A sash (from the Arabic شَاش - šāš, "muslin") is a large and usually colorful ribbon or band of material worn around the human body, either draping from one shoulder to the opposing hip and back up, or else encircling the waist. The sash around the waist may be worn in daily attire, but the sash from shoulder to hip is worn on ceremonial occasions only. Ceremonial sashes are also found in a V-shaped format, draping straight from both shoulders down, intersecting and forming an angle over the chest or abdomen.
Military use edit
Old Europe edit
In the mid- and late-16th century waist and shoulder sashes came up as mark of (high) military rank or to show personal affection to a political party or nation. During the Thirty Years' War the distinctive sash colour of the House of Habsburg was red while their French opponents wore white or blue sashes and the Swedish voted for blue sashes.
Beginning from the end of the 17th century, commissioned officers in the British Army wore waist sashes of crimson silk. The original officer's sash was six inches wide by eighty-eight inches long with a ten-inch (gold or silver) fringe. It was large enough to form a hammock stretcher to carry a wounded officer. From about 1730 to 1768, the officer's sash was worn baudericke wise, i.e. from the right shoulder to the left hip, and afterwards around the waist again.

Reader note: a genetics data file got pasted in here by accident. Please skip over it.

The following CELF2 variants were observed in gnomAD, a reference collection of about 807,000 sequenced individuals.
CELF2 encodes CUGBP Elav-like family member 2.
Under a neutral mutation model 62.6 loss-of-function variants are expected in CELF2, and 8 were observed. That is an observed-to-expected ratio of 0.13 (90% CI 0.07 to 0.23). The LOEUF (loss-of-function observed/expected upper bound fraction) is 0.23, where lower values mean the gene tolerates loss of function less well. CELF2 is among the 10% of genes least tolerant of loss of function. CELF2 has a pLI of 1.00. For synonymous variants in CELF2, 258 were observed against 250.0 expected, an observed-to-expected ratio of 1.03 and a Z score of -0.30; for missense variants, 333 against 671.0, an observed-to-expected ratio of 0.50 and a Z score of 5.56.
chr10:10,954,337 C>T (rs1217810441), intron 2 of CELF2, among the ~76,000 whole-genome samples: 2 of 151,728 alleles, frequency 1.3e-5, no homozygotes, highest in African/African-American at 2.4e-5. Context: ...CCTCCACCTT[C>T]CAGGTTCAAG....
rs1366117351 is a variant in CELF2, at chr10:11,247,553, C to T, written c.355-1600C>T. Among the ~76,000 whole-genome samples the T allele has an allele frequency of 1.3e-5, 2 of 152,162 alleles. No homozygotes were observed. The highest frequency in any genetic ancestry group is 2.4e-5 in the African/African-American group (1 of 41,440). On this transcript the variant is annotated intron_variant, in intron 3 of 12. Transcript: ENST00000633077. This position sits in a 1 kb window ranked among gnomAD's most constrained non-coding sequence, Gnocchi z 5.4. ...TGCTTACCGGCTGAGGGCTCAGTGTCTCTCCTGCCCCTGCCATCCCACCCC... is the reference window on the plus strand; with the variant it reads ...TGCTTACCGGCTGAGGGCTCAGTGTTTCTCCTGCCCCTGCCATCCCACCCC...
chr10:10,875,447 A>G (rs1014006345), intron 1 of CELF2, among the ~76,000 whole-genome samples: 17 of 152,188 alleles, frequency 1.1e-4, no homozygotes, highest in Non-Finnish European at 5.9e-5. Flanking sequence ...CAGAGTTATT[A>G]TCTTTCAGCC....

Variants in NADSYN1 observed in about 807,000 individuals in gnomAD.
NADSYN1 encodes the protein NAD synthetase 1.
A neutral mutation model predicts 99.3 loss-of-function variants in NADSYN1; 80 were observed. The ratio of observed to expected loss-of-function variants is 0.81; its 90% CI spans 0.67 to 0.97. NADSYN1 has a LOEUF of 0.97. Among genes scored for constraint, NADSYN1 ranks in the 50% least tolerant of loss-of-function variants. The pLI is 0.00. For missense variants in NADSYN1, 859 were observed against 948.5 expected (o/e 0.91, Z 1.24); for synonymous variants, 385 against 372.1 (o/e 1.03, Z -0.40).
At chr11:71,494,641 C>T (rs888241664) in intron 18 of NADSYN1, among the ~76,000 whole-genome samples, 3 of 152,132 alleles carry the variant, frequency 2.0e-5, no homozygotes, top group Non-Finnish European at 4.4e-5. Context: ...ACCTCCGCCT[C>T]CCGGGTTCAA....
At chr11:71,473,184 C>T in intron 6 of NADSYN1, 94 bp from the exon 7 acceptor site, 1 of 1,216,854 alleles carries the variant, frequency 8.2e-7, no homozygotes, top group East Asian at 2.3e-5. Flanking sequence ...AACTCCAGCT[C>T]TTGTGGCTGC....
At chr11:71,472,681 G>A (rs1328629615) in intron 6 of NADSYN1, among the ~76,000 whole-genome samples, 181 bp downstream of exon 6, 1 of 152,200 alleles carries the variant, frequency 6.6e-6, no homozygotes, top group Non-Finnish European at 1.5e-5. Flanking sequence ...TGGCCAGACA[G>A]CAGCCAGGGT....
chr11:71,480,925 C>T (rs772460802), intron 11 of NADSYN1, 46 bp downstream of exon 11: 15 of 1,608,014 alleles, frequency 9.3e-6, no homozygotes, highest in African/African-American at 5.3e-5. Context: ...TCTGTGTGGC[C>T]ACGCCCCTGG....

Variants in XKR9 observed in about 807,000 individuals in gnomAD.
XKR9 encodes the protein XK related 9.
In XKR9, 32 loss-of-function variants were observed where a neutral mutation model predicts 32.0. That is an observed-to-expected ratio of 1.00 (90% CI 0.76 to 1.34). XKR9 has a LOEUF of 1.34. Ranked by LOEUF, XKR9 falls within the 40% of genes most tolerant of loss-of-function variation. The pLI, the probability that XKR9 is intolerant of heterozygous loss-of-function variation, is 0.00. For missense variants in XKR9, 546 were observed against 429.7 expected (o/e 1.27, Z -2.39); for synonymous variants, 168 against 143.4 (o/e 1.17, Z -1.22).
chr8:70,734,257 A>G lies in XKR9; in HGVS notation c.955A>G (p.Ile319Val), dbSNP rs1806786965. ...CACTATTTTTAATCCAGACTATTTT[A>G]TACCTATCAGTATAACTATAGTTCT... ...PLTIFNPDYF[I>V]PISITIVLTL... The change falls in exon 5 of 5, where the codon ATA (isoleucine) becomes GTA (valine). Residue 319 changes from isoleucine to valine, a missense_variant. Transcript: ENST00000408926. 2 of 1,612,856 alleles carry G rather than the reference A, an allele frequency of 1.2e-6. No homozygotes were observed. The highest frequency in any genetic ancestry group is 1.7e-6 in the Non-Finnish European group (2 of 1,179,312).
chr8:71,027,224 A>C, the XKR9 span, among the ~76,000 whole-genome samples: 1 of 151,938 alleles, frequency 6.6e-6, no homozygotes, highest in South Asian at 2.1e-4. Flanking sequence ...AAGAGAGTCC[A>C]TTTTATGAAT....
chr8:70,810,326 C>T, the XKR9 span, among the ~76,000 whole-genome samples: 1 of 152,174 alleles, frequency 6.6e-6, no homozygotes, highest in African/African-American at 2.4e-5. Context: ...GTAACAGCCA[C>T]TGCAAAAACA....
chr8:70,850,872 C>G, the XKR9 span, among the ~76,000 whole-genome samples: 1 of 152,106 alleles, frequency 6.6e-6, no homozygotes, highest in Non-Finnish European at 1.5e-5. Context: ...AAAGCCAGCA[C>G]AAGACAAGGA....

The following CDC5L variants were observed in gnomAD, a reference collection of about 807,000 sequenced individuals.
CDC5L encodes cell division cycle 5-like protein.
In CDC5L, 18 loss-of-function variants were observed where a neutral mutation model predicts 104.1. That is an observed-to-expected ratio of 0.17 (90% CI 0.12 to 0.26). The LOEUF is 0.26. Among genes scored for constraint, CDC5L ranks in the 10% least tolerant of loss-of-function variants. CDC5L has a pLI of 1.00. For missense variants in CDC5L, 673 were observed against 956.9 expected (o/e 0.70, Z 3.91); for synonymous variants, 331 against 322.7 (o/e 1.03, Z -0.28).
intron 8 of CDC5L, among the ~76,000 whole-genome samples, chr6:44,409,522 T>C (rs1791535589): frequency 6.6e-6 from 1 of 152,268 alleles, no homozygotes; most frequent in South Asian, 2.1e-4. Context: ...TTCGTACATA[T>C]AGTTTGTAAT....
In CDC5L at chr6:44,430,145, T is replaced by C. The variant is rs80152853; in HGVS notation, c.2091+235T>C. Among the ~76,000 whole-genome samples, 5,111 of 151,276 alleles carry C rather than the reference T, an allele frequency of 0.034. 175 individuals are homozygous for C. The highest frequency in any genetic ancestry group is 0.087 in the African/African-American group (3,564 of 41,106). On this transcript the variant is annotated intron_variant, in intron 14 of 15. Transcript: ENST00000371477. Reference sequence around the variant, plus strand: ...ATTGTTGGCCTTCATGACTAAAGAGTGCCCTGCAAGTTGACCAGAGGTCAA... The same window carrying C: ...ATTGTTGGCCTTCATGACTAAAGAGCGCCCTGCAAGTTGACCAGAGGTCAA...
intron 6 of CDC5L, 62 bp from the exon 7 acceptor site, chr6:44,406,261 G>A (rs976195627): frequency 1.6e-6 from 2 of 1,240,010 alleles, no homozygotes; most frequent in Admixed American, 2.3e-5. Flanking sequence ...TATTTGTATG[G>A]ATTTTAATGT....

Sergeants were permitted sashes of crimson wool, with a single stripe of facing colour following the clothing regulations of 1727. Whereas it remained vague whether the sash was to be worn over the shoulder or around the waist, it was clarified in 1747 that sergeants had to wear their sashes around the waist. From 1768, the sergeant's waist sash had one (until 1825) resp. three (until 1845) stripes of facing colour; in regiments with red or purple facings the sergeant's sash had white stripes or remained plain crimson.
Until 1914 waist-sashes in distinctive national colours were worn as a peace-time mark of rank by officers of the Imperial German, Austro-Hungarian and Russian armies, amongst others.
Modern Europe edit
Since then sashes have been part of formal military attire (compare the sword-belt known as a baldric, and the cummerbund). Thus several other modern armies retain waist-sashes for wear by officers in ceremonial uniforms. These include the armies of Norway (crimson sashes), Sweden (yellow and blue), Greece (light blue and white), the Netherlands (orange), Portugal (crimson) and Spain (red and gold for generals, light blue for general staff and crimson for infantry officers).
The Spanish Regulares (infantry descended from colonial regiments formerly recruited in Spanish Morocco) retain their historic waist-sashes for all ranks in colours that vary according to the unit.
Sashes are a distinctive feature of some regiments of the modern French Army for parade dress. They are worn around the waist in the old Algerian or zouave style ("ceinture de laine"). Traditionally these sashes were more than 4 m (13 ft) in length and 40 cm (16 in) in width. In the historic French Army of Africa, sashes were worn around the waist in either blue for European or red for indigenous troops.
(British) Commonwealth of Nations edit
The modern British Army retains a scarlet sash for wear in certain orders of dress by sergeants and above serving in infantry regiments, over the right shoulder to the left hip. A similar crimson silk net sash is worn around the waist by officers of the Foot Guards in scarlet full dress and officers of line infantry in dark blue "Number 1" dress. The same practice is followed in some Commonwealth armies.